The most dangerous diseases are the ones that creep up slowly and don’t show until they took a good portion of your health. Millions of women get stricken by these stealthy illnesses, and hundred thousands of people die because of them every year. So, what are these silent killers of women?
One in every 75 women don’t survive the fight with ovarian cancer, but the scariest part is that most of them don’t even know that they have this deadly disease. If the cancer is not caught in its early stages, the chances of survival rapidly go down. This silent killer is so stealthy, that even doctors have a hard time picking it up, so make sure to have regular and thorough tests. Also, keep an eye on pelvic pain, urinary changes and vaginal bleeding.
Even with so much education and information about diabetes, it often goes undiagnosed because of their subtle symptoms. Type 2 diabetes often manifests itself in seemingly harmless ways like excessive thirst, increased urination, weight loss and fatigue. Even though they are subtle, these are the symptoms to keep an eye on.
Breast cancer is the most common type of cancer in women and it claims the biggest number of victims. It affects one in every eight women, especially those in child-bearing age! Breast cancer doesn’t exactly cause pain (which is why it often goes undiagnosed until it’s in its final stage), but there are other symptoms to watch out for. Check your breasts for lumps, feel your nipples for tenderness or any changes in shape and size and keep an eye on any breast skin changes.
Uterine cancer is another silent killer of women with symptoms hard to catch. Most commonly, it manifests itself in the form of abnormal vaginal bleeding, heavy periods, spotting or any post-menstrual bleeding. However, most women experience some of these issues at some point and they are totally benign! Having regular Pap smears and performing pelvic ultrasounds is the best ways of discovering this silent killer!
Human Papillomavirus is the most common STI, but it’s also the main factor that causes cervical cancer. Actually, almost 100% of all cases of cervical cancer are caused by HPV. However, often there are absolutely no signs of the HPV infection, which makes it really hard to discover. There are two vaccines for high-risk HPV that causes cancer, so do get a shot. Also, regular Pap smears can detect all abnormal cells on your cervix and catch cancer in its early stage.
Most people know the most common symptoms of a heart attack: chest pain, pain in the arms and excessive sweating. However, in women, these signs are much more subtle which often means they go unnoticed until it’s too late. So, if you notice any shortness of breath, unusual fatigue and nausea, make sure to pay a visit to your doctor.
Ocular melanoma and lymphoma are two of the most common eye cancer types in adults. Around 250 new cases of eye cancer get diagnosed every year in Australia alone, so it’s not a very uncommon disease! Eye cancer usually develops in the eye, but it can also spread to the other parts of the body. However, the trickiest part of this disease is that it doesn’t always cause obvious symptoms and can usually be noticed only during a routine eye exam. So, make sure to visit an experienced optometrist in Sydney for a regular eye test. They can also diagnose any other eye ailment and vision issue which guarantees a better and more pleasant life!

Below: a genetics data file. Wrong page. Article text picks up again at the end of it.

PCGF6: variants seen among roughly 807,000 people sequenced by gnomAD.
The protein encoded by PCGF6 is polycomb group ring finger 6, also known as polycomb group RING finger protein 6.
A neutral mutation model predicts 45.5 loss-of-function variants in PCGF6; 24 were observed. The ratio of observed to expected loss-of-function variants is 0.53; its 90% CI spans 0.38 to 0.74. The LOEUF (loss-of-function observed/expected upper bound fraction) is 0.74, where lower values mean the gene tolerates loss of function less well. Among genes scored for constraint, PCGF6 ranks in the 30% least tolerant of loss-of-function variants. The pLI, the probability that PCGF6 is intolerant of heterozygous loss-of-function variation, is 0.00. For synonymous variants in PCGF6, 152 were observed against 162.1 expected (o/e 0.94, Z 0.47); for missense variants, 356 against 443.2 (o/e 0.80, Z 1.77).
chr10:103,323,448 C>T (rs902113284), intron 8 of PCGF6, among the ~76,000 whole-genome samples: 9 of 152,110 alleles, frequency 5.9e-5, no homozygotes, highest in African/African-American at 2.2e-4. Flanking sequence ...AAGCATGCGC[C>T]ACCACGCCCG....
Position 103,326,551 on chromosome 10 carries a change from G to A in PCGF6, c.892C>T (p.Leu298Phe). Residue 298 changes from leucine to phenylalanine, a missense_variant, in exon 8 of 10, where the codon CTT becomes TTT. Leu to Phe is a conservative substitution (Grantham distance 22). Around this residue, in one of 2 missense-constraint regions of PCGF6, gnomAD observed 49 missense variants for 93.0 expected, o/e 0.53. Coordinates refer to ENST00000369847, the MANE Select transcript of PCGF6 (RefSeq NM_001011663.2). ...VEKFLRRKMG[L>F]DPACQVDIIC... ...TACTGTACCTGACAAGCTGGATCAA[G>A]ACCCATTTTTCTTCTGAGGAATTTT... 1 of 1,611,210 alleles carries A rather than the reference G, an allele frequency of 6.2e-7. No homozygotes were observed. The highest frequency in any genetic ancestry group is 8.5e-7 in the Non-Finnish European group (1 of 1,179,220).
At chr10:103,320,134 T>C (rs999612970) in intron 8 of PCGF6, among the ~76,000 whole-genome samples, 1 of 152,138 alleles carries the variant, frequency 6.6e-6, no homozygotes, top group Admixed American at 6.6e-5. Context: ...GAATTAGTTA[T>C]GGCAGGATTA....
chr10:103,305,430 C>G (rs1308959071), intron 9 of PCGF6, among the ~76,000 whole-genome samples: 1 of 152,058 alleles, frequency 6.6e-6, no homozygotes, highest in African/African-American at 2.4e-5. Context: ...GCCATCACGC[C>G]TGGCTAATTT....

Leukemia is cancer that attacks the body’s blood-forming tissues which significantly increases the risk of developing infections, anemia, and bleeding. Chronic leukemia typically causes no symptoms and is often only diagnosed during a routine blood test because the subject feels sickly. Fever or night sweats, frequent infections and the general feeling of weakness are what you should keep an eye on.
Motor neuron disease
This disease causes nerve deterioration so heavy that the nerves become permanently damaged. This causes patents to lose muscle ability and ultimately give up the fight with the disease. The biggest problem with the ailment is that it usually occurs in the sixth and seventh decade of life, right around when old age starts to affect our muscles, so it’s quite hard to catch in time. Keep an eye on muscle weakness, twitching, cramps and slurred speech.
Lupus is an autoimmune disease that causes the body to attack the tissue of its organs (mostly the brain) just like it would attack any deadly disease. This, in turn, causes damage to the organ and even death. So, even though it leaves tremendous destruction, lupus has a very slow progression of symptoms which makes it super hard to diagnose. Pay attention to joint pain, fatigue, painful breathing, rash on nose and cheeks, hair loss and headaches.
Don’t allow yourself to be caught off guard by any disease, not even the silent ones. And, if you notice any of these symptoms in yourself or your loved ones, see a doctor right away!
About the author:
Peter is a fashion stylist and a writer from Brisbane, Australia. After graduating from Australian Institute of Creative Design he worked as a fashion stylist for few local fashion events. Beside fashion and styling, he enjoys traveling around exotic destinations and discovering new vintage stores. He’s future plans are in creating his personal styling business.
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